The 2015 Netflix docu-series about Steven Avery incorporated interviews, clips and other information important to the case. Netflix's latest true crime documentary isn't trying to solve the 1996 murder of child pageant queen JonBenét Ramsey. Instead, the new film dramatizes certain aspects of the story while hitting something deeper — how America became obsessed with the Ramsey family.
Netflix previously teased that the Kitty Green documentary "blurs the lines between documentary and drama." Colorado residents appear in Casting JonBenét hoping to land the roles of key figures — like JonBenét's parents, Patsy and John, or pedophile John Mark Karr. They recreate scenes that might have occurred leading up to or following the 6-year-old's death, and they give their own opinions on the case based on media coverage from 20 years ago. What plays out on screen is mainly speculation from people who have no connection to the murder.
Some of the actors have theories about who killed JonBenét and what really happened to her. One actress reading for Patsy believes the mother was the killer based on the handwriting analysis of the ransom note left behind. An actor reading for John speculates that Patsy's ovarian cancer could have been a factor in the murder. Another actress reading for Patsy suggests that Patsy walked in on John sexually abusing JonBenét and tried to hit him with a golf club — but struck her daughter instead. No one has proof about who killed her; it's all speculation based on the media circus that consumed the case. But that's the point of the film.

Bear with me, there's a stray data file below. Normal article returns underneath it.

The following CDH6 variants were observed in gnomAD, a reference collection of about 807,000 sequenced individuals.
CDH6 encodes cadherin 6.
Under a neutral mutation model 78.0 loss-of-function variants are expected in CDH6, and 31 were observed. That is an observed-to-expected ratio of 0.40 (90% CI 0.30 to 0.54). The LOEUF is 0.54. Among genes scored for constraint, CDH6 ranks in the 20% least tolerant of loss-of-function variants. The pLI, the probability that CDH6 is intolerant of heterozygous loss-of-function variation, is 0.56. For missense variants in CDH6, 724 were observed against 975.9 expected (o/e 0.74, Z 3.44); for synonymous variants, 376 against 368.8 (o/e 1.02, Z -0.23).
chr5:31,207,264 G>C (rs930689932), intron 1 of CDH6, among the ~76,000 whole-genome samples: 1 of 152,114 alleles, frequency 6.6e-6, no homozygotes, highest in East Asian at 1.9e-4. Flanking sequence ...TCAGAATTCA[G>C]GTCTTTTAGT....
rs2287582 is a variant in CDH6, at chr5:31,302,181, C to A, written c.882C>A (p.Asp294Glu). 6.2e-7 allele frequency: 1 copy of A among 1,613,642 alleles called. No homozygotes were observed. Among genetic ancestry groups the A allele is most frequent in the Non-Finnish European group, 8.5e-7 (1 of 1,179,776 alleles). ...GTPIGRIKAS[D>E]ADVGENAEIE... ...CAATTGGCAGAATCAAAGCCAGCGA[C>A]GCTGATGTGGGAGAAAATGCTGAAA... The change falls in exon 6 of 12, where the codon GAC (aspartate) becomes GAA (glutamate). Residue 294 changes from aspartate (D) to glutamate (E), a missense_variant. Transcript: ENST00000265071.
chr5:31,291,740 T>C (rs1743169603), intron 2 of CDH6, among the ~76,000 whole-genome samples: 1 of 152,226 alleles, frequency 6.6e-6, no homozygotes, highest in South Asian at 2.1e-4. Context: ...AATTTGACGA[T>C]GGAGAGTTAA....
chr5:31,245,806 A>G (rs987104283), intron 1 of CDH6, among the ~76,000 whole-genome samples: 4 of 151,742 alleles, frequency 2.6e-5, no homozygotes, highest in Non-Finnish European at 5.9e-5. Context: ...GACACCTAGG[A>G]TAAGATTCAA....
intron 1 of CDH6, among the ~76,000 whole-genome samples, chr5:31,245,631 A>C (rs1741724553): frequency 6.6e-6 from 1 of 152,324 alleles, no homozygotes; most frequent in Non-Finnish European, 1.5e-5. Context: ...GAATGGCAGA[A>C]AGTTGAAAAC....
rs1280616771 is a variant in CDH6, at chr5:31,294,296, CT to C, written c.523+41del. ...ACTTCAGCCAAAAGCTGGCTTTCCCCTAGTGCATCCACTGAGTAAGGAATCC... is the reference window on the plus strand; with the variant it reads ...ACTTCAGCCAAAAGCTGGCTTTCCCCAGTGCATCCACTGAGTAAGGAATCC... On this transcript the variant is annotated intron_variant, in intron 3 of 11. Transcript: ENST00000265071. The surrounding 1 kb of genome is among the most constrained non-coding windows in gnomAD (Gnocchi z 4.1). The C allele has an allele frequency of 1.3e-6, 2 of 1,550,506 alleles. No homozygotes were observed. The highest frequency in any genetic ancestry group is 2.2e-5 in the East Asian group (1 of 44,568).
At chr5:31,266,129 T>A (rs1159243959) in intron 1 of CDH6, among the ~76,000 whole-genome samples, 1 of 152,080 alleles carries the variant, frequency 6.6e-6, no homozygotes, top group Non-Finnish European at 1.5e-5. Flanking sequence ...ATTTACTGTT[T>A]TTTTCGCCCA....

"Casting JonBenét presents audiences with a hybrid of fiction and nonfiction filmmaking that examines the macabre legacy of this tiny starlet," Netflix's official synopsis reads. Legacy is an interesting word to use here. The film is basically holding up a mirror and accusing people of rubbernecking.
A young girl's death consumed the nation and left people gossiping — to this day. The murder occurred 20 years ago, but JonBenét's face keeps getting plastered on magazine covers and the news. People are still obsessed enough with the case that they want to make themselves a part of it by trying to get cast in a documentary about it.
"Let me see where I was in '96," actor Gary Foster, who auditioned for the role of John, says. "Uh, actually I was selling cars in Utah. I hope that doesn't hurt my chances here."
The actors and actresses auditioning all wear the same outfit — a red, short-sleeved shirt for Patsy and a blue, button-up shirt for John. But one actress decides to go in a different direction to prove she knows her facts, wearing a blazer with a blue blouse and pearls.
"For me it's the pearls that make who Patsy was," she says. "In every interview she did, she always had the pearls on. So when I was researching her over the past couple days I made sure that the pearls were on."
The actors try to connect to those involved in the Ramsey story, talking about death that has affected their own lives or issues that they had with their own children. In one minute, they're happy to point fingers and put the blame for the crime on JonBenét's parents. But in another, they're looking back at their own lives and defending decisions that the Ramseys may have had to make.
Does JonBenét deserve justice? Yes, but Casting JonBenét is not the documentary to watch if you want an in-depth exploration of the murder case. Rather, it's more of a guilt trip about society's obsession with the grim and gruesome.